In an article discussing the November deadline The Tribune quoted S. C. Hirons of a New York architectural firm, Dennison & Herrin, who observed:

“Never before has a nation-wide competition entered into the construction of a home for a great daily.  It will be a misfortune if some symbolic design does not win the award.  There is only one true symbol of modern or ancient journalism and that is—speed.  Years and years ago great news events were flashed across the country by beacon fires glowing form hill to hill.  Now cables and telegraph wires carry the messages.  Behind it all is one idea—speed.  The Chicago Tribune building should typify this in its architecture, and the construction should be that of a building that lends itself to ‘getting the news to the readers.’  Such a building would mark a new era in architectural design for newspaper homes.”

The most controversial aspect of the winning design, the great Gothic top of
John Mead Howells and Raymond Hood, not exactly a symbol of speed (JWB, 2010)
At midnight on December 1 a winner was chosen, and the announcement was made on the following day with the New York City firm of John Mead Howells and Raymond Hood taking the first place award of fifty thousand dollars.

That day The Tribune put forth this message in an editorial, “Meanwhile the exhibition of the designs will prove, we feel sure, a milestone in architectural education.  Nothing of the kind has ever been offered to students and lovers of architecture up to this time.  The designs, collectively speaking, are the most important expression of modern utilitarian architecture ever presented for analysis and comparison.  The exhibition may be considered an encyclopedia of the architecture of the skyscraper.  Genius, exceptional talent, experience, ingenuity, and inspiration have contributed richly and we are confident its influence will be widespread and lasting.”

One of the designers, Raymond Hood, pictured as Robin Hood in Aesop's screen that tops the Michigan Avenue
entrance of the tower (Google image)
There is a point that a lot of critics of the winning design miss, I think.  Certainly, Eero Saarinen’s second place entry looks far more modern, practical and altogether more sensible to our modern eye than the sleek modern shaft, topped out with a Gothic nexus of flying buttresses of Hood and Howells' design.  However, the competition brought those two designs together, along with another 233 entries from the greatest designers in the world in an effort to create the most beautiful commercial building of the modern era.  And that’s worth something.

On December 3 a dinner to celebrate the award at which Mr. Howells observed that the commission for The Tribune was a unique opportunity, primarily because of the lot on which it would be built, a space which would show the entire building, all four sides of it.  “. . . how can a perfect skyscraper design be achieved,” he asked.  “Only when you have a building with four sides belonging to the same owner.  How many such opportunities are there in the world?  You can count them on your fingers.”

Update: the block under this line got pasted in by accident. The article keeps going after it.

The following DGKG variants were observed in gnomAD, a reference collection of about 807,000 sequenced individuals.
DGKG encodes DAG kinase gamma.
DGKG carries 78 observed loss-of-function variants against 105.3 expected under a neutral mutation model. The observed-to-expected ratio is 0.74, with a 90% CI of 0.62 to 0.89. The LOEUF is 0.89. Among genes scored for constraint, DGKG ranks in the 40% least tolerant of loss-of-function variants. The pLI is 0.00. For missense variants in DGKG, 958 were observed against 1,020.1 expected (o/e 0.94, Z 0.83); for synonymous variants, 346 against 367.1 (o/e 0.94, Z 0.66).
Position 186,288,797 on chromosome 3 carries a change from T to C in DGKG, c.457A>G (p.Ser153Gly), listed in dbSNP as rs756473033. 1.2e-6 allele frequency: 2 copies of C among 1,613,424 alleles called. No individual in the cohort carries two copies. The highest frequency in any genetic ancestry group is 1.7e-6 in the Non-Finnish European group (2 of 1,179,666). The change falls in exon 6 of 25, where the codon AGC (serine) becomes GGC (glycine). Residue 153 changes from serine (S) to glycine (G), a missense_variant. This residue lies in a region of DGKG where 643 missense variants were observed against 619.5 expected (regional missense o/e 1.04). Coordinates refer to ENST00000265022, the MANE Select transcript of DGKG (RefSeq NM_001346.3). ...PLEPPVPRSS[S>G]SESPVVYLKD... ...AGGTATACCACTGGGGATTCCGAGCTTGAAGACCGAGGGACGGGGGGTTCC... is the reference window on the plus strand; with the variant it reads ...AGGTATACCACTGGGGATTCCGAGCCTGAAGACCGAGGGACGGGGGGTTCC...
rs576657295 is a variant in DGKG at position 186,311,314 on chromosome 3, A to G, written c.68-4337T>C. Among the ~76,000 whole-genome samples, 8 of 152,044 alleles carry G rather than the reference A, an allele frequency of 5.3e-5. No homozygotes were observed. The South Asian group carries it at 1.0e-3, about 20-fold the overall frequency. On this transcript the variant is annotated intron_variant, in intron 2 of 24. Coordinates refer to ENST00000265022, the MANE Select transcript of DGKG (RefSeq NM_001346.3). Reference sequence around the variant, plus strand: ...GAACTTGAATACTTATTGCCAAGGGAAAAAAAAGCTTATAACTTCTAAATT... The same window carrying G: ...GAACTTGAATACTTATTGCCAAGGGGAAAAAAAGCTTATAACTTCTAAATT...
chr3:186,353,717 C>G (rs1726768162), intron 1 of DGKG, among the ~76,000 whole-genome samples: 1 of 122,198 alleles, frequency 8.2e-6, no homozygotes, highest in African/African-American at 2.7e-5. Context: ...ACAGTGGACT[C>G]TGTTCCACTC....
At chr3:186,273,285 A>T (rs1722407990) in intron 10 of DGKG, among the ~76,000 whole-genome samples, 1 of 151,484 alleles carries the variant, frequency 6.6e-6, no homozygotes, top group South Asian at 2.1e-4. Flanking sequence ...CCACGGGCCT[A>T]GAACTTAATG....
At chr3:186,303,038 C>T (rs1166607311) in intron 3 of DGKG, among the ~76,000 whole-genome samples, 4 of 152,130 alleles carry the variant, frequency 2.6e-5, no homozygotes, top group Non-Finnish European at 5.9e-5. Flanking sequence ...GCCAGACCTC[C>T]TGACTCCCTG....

Uniquely situated on a spacious lot so that all four sides of the building could be
viewed originally, the design was one of few such opportunities in a large city (JWB, 2011)
In this respect, you have to give Colonel McCormick his due.  Walk through any major city and look at the tall buildings that line its major streets, and what do you see?  The front elevation in the vast majority of cases.  Here was a space that would allow a tower to rise that would display every square foot of its exterior, an exterior that Mr. Howells granted “looked Gothic.”

As if to answer from the very first the severest criticism leveled at the design, Mr. Howells, recognizing this Gothic orientation, added, “ . . . but it is meant to be a design expressing to the limit our American steel cage construction, and nothing else . . . I believe that the type of design chosen by The Tribune expresses not only the American office building but the actual steel cage, with its vertical steel columns from top to bottom and its interpolated steel beams.”

Was Howells right about that steel cage?  You be the judge.  (JWB, 2011)
Mr. Howells concluded by saying, “In the present design Mr. Hood and I have tried to set aside any itching for the original for fear of the fantastic, and we have striven only for a straight solution of that most worth while in American problems – the American skyscraper.”

As 1922 came to a close, the design for the new tower on Michigan Avenue was on display at the Lake Shore Trust and Savings Bank on the northeast corner of North Michigan Avenue and Ohio streets.  On display with it was the great energy and optimism that would carry the country through that decade, one of the greatest decades for building in the city’s history.